Gwinnett County Public Schools is not planning to furlough or let any employees go because of cuts to education funding coming from the state level, district Chief Financial Officer Joe Heffron told the Gwinnett County Board of Education Thursday night.
Heffron told the school board that the state budget is expected to include cuts across all state agencies because of the COVID-19 novel coronavirus pandemic’s impact on state revenues, and that negotiations in the legislature had reduced the cut to 11%.
“We will be receiving less state funding next (fiscal) year (and) that is primarily due to (or) created by the health pandemic,” Heffron said. “The state will have less revenue next year to allocate across state agencies. They have passed along a cut to state agencies. QBE is included in that and the Department of Education is passing on somewhere around 10 or 11% for us.”
The cuts included in the state’s fiscal year 2021 budget means any agency, including local school systems, that rely on funding included in that budget will have to tighten their belts to adjust for the next year.
In the case of education, that’s expected to be a reduction of about $1.05 billion to the state’s Quality Basic Education formula which is used to determine how money local school systems get from the state.
Gwinnett is expecting to see its state funding reduced by $118 million because of the austerity cuts state legislators are including in the budget.
Gwinnett County Public Schools is planning a nearly $2.35 billion budget for fiscal year 2021. The district anticipates serving about 181,250 students during the 2020-2021 school year.
Heffron said the school system plans to use money from federal CARES Act funds and the school system’s “rainy day” reserve fund to cover the shortfall created by the reduction in state funding. The reserve fund has been built up gradually over the last half decade to help the district get through an emergency.
That will allow the district to not only keep its employees, but also offer a step increase in salaries for employees who have not already reached the maximum step on the district’s pay scale.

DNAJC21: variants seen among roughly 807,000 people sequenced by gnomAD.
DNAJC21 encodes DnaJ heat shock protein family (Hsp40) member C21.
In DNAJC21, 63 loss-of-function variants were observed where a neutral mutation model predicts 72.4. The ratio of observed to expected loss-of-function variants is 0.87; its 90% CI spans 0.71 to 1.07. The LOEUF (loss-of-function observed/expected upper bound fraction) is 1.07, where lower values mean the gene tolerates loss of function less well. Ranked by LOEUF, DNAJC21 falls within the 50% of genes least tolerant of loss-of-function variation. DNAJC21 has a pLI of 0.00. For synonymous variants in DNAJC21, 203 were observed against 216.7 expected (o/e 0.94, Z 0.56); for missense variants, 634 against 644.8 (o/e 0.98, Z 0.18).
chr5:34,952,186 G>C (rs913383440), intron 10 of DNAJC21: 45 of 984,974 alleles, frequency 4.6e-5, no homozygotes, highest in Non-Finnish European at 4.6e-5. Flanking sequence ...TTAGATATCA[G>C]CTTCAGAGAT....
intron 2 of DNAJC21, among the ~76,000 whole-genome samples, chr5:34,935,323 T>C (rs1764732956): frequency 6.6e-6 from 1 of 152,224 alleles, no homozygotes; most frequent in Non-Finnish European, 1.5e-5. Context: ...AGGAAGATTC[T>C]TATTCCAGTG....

But, there will be no other bells or whistles in the district’s proposed budget.
“(There are) no cuts to our services or positions,” Heffron said. “It’s a continuation budget (and) it shows no furlough days. However, (there will be) no improvements this year, but we did include a step increase for those eligible employees.
“And, if you look at our fund balance, we are not using our operating fund balance to balance our budget, which weighs very heavily with the rating agencies.”
Since CARES Act funding is a one-time funding allocation from the federal government, the $32.3 million in CARES Act funding that the district will be using to cover the shortfall in the fiscal year 2021 budget will have to be replaced elsewhere in the fiscal year 2022 budget if funding from the state doesn’t return closer to normal next year.
Heffron said additional money from the “rainy day” reserve funds may have to be used if that happens.
The district’s plan is to keep its millage rate the same for fiscal year 2021, but that doesn’t mean property owners won’t see changes in how much they pay in school taxes on their property tax bill. If the value of their property has increased, they could still end up paying more in taxes even though the millage rate stays the same.
The proposed millage rate for Gwinnett County Public Schools is 21.6 mills.
The proposed budget and millage rate were adopted Thursday night, but the public will have an opportunity to weigh in before final adoption takes place.
Two public hearings will be held in July. One will be held at 7 p.m. on July 9, and the other will be held at 6p.m. on July 16, at the J. Alvin Wilbanks Instruction Support Center.
A final vote on the budget is expected to take place July 16, and a final vote on the millage rate is expected to take place in August, although the exact date was not specified.
“I prefer to refer to the fiscal year budget as our investment for the citizens of Gwinnett County in our 181,268 students that will attend Gwinnett County Public Schools during the 2020-21 school year,” Superintendent J. Alvin Wilbanks told the school board. “This budget will provide the needed funds to provide a quality and effective education for our students.”